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Is it too late to save Tor?
To survive, it’s time for Tor to define itself.
If you’ve heard of the Deep Web—or the most popular tool for browsing it, Tor—at all, it was likely in a criminal context. The Deep Web, merely a term for all unindexed websites (meaning anything a search engine can’t find), is absolutely massive. In fact, 99 percent of the Internet could be said to be part of the Deep Web—from private websites to university intranets.
But the delineation also most famous for harboring very seedy—occasionally outright morally unbearable—online communities. From the rise of online drug markets like Agora and Evolution to the trading of credit card numbers and leaked celebrity nudes, the Deep Web only grabs headlines when the illegal efforts it conceals are dragged into the light.
Though unfair to the widespread positive uses of Tor and Deep Web resources, this reputation can create a cycle of criminal participation. While many defenders of Tor cite the numerous positive uses of Deep Web activities and the nature of online encryption Tor provides even on the traditional Internet, the media narrative of Tor-is-for-criminals may actually be driving outlaws to it, making the Deep Web a de facto criminal hangout.
Unless Deep Web denizens find a way to minimize the criminal element amongst them—or at least maximize the societal benefit they promise—this unveiled bastion of privacy could become a squalid Sodom for the digital age.
Let us set the record straight: Tor is a tool used by criminals to hide illegal activities on the Deep Web. Cars, too, are a tool often used by criminals, but that doesn’t mean that is how we define a car (at least not since the 1920s). Business Insider found itself in the center of a nerd rage cyclone when it called Tor “The Web Browser For Criminals” in a headline last week, and rightfully so. We wouldn’t call a gun “The Weapon For Criminals” despite its status as the most popular weapon amongst criminals.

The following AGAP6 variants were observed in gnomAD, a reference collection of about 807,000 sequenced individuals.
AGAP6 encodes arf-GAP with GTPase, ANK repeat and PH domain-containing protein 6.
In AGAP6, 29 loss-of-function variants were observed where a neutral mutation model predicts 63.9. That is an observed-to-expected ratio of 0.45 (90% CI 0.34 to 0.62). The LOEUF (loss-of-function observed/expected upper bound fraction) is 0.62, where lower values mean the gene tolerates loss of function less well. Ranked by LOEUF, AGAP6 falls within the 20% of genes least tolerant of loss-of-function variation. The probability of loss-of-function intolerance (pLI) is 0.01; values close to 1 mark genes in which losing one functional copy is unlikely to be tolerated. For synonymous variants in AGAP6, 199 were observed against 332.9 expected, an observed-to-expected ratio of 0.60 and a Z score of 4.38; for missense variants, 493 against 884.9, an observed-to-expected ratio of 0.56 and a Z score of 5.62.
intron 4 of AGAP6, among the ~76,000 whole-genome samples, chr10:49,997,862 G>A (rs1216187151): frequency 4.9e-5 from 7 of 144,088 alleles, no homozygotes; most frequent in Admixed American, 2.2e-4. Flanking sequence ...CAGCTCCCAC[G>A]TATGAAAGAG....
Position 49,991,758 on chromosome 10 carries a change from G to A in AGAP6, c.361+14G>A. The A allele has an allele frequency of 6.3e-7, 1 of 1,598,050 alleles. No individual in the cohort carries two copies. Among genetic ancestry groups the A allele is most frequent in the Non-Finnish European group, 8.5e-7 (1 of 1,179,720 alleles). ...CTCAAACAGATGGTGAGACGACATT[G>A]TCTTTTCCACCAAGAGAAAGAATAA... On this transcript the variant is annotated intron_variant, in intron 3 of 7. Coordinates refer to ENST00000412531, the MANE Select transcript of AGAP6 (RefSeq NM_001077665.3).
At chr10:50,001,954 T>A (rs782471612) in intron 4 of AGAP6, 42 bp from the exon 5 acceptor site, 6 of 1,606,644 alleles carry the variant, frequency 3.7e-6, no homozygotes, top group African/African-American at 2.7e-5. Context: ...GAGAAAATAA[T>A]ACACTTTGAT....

That said, it is undeniable the Deep Web hosts some extremely disturbing and illegal content. The Justice Department released a report last May indicating over 50,000 individuals in the U.S. alone are trading child pornography over the Deep Web at any given instant.
While much has been made of online drug markets like the late Silk Road, newcomers are profiting in more nefarious contraband. Some of the most popular items on the burgeoning Evolution market, a Deep Web startup, are untraceable firearms. Up to 10 percent of the items sold on Evolution are stolen credit card numbers.
It’s figures like these that besmirch an otherwise useful tool for avoiding a wide variety of surveillance. When your data is quite literally driving the global economy, it makes sense regular Internet users would want to be left unseen by the eyes of big corporations, big government, or even cyberbullies and abusive partners.
Little of that narrative matters, however, because the crime statistics don’t just make for a better story—they’re nearly the only story to tell about a service that inherently anonymizes its users.
This is a known danger to Tor’s developers. As an anonymous source within Tor told The Daily Dot’s own Patrick O’Neill, “We do care [about Tor’s image], that’s why we help people in the real world, but in order to help people we can’t tell people, so we get bad press but the bad press is worth it to protect these people.”
In fact, the most high-profile figure tied to Tor is Edward Snowden, who used the browser to securely pass on his leaked NSA files to journalists so they could report on the exact type of surveillance many innocent Tor users are hoping to avoid. Outside of Snowden, the only names it’s possible to put in a lede are drug dealers and fraudsters.